JACKSON — Joel Gill and Cindy Hyde-Smith predict changes with either one’s election as the state’s next commissioner of agriculture and commerce.
Gill, a 60-year-old Democrat, says he believes the department lost its vision in the waning years of Dr. Lester Spell’s four terms. Spell isn’t seeking re-election.
“I’ve been a businessman the past 42 years,” said Gill, mayor of Pickens in Holmes County.
He and his family operate a cattle buy-sell business and know the ups and down of agriculture. But he says he aims to be more than an administrator.
“The people are hiring a voice to speak up for the Mississippi producer and the Mississippi consumer,” he notes.
Hyde-Smith, a 52-year-old Republican in the livestock business with her husband, insists she’s rediscovered the department’s ability to recruit jobs in agricultural research, not something traditional economic developers think about.
“With 25 percent of Mississippi’s jobs related to agriculture,” she says, “I’ve realized that this part of our economy can be expanded, with a concerted effort.”
The out-going state senator from Brookhaven says she’s meeting with decision-makers in agricultural research companies, and she’s optimistic something good will come of those efforts.
With no primary opponent, Gill’s campaign reports raising $36,620, with $17,167 on hand as of Oct. 9. Hyde-Smith won her party primary outright and still had $63,379 in the bank Oct. 10, from a campaign total of $295,563.
Gill says his experience with the Mississippi Beef Council and the Mississippi Livestock Markets Association give him a long-term perspective on agricultural and business issues.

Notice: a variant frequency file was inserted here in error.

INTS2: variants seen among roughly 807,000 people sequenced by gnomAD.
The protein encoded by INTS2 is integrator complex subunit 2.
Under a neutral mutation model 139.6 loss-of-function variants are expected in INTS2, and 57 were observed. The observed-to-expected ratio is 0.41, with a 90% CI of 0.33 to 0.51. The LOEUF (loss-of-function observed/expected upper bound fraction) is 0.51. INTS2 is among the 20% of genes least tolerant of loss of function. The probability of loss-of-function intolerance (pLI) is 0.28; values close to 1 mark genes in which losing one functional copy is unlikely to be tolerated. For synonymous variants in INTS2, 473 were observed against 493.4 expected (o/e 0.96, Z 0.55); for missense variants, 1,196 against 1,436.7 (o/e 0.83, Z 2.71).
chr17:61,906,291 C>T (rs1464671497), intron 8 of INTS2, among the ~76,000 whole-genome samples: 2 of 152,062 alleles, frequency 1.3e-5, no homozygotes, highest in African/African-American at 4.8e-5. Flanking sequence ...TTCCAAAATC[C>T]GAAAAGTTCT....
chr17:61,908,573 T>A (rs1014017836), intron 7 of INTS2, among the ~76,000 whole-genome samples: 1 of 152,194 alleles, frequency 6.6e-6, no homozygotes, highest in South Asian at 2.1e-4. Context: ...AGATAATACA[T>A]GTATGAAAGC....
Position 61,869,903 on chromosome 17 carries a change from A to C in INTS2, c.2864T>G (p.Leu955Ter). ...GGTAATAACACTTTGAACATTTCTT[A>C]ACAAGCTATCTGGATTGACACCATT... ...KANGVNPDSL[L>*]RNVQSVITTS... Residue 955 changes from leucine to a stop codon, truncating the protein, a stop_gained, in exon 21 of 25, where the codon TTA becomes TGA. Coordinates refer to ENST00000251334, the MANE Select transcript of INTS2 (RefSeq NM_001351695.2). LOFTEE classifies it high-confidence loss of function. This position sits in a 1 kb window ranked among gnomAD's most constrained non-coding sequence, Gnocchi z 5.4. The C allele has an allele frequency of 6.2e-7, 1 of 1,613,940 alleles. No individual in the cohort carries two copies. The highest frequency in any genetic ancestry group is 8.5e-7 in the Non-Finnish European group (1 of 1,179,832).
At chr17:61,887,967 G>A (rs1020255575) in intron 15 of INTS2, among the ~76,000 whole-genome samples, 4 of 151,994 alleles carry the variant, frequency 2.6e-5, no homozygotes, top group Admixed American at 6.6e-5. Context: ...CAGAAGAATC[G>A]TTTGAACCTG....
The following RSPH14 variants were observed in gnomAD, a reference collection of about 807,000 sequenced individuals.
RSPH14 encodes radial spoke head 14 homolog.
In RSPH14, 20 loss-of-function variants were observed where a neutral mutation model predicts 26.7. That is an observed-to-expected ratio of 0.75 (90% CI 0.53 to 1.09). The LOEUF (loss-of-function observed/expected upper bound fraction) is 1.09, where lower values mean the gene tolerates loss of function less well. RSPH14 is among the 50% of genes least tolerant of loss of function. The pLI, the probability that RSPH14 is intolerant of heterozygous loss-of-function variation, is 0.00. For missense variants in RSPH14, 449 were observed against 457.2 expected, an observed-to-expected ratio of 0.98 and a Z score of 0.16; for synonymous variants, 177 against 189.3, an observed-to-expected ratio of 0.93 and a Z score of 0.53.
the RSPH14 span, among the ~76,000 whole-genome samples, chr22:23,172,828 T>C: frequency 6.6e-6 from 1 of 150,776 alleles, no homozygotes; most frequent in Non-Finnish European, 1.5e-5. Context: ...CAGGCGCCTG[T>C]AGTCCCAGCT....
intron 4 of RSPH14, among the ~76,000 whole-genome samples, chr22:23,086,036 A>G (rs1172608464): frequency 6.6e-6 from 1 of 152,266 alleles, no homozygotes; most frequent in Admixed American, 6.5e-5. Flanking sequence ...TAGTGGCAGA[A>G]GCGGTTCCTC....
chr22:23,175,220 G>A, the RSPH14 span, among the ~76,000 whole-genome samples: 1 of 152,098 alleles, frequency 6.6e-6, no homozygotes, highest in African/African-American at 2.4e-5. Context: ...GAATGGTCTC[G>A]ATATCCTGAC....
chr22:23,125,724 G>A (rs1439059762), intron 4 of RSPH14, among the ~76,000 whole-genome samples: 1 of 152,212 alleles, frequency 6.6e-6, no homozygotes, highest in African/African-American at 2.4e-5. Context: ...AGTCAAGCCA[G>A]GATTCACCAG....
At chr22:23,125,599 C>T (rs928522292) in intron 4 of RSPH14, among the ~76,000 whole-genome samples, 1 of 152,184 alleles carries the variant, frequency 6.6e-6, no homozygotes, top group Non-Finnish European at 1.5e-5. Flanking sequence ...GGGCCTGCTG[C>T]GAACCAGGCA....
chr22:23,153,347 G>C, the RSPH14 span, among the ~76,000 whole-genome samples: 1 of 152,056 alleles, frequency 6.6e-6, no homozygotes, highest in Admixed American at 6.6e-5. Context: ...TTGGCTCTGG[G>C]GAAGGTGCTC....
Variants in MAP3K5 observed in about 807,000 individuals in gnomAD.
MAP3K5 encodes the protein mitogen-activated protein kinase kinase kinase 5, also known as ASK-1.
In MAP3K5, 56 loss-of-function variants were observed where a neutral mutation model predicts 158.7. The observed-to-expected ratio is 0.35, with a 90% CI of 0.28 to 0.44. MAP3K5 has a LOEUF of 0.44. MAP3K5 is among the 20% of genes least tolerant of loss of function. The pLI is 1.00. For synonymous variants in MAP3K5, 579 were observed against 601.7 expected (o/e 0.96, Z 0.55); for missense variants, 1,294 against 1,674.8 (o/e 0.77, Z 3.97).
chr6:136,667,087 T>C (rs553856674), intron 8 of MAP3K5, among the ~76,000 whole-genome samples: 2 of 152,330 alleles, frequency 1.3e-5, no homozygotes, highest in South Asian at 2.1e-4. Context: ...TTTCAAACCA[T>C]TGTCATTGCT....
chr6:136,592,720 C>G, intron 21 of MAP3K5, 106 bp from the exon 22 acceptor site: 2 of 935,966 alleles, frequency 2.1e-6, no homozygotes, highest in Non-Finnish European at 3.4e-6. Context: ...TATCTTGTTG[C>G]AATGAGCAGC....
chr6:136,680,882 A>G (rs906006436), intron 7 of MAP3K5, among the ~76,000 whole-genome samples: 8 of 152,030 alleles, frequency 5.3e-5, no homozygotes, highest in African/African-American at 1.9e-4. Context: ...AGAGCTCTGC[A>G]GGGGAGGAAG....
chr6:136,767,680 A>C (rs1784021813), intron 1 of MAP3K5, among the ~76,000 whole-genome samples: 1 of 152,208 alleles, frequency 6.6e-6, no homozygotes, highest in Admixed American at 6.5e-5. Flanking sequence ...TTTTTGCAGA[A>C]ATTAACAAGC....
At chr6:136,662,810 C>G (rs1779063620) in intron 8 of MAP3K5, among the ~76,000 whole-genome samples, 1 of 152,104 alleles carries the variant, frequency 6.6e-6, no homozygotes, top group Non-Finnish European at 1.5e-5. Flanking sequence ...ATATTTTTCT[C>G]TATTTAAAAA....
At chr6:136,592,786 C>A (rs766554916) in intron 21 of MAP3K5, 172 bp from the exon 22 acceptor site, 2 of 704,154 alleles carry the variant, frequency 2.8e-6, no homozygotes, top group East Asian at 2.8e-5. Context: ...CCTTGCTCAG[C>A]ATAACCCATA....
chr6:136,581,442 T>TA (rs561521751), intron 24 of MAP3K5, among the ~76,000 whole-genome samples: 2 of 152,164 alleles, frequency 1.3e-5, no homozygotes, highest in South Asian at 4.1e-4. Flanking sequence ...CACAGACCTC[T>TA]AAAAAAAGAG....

“I bring creative thinking and foresight” to the job, he says.
He recalls criticism a few years back when he opposed the state’s backing of a beef processing plant in Yalobusha County. The project failed quickly and principals went to prison for illegal activity associated with its construction.
One of the department’s big responsibilities is operation of the Mississippi State Fairgrounds in Jackson. Hyde-Smith and Gill agree they want to take a look at how it’s operated and make improvements, where needed.
Hyde-Smith says that with predictable growth in world populations, Mississippi must be a bigger player in helping feed the world.
Gill voices concern about the future of Mississippi farms, saying he’d like to institute a mentor or apprentice program to pair young farmers with senior farmers who lack heirs or family interests in continuing their operations.
Both say they have good working relationships with the Mississippi Legislature, from whence the department’s revenue comes.
Hyde-Smith’s comes from two terms in the state Senate as its agriculture committee chair. Gill says his municipal experience brings him in close touch with legislators.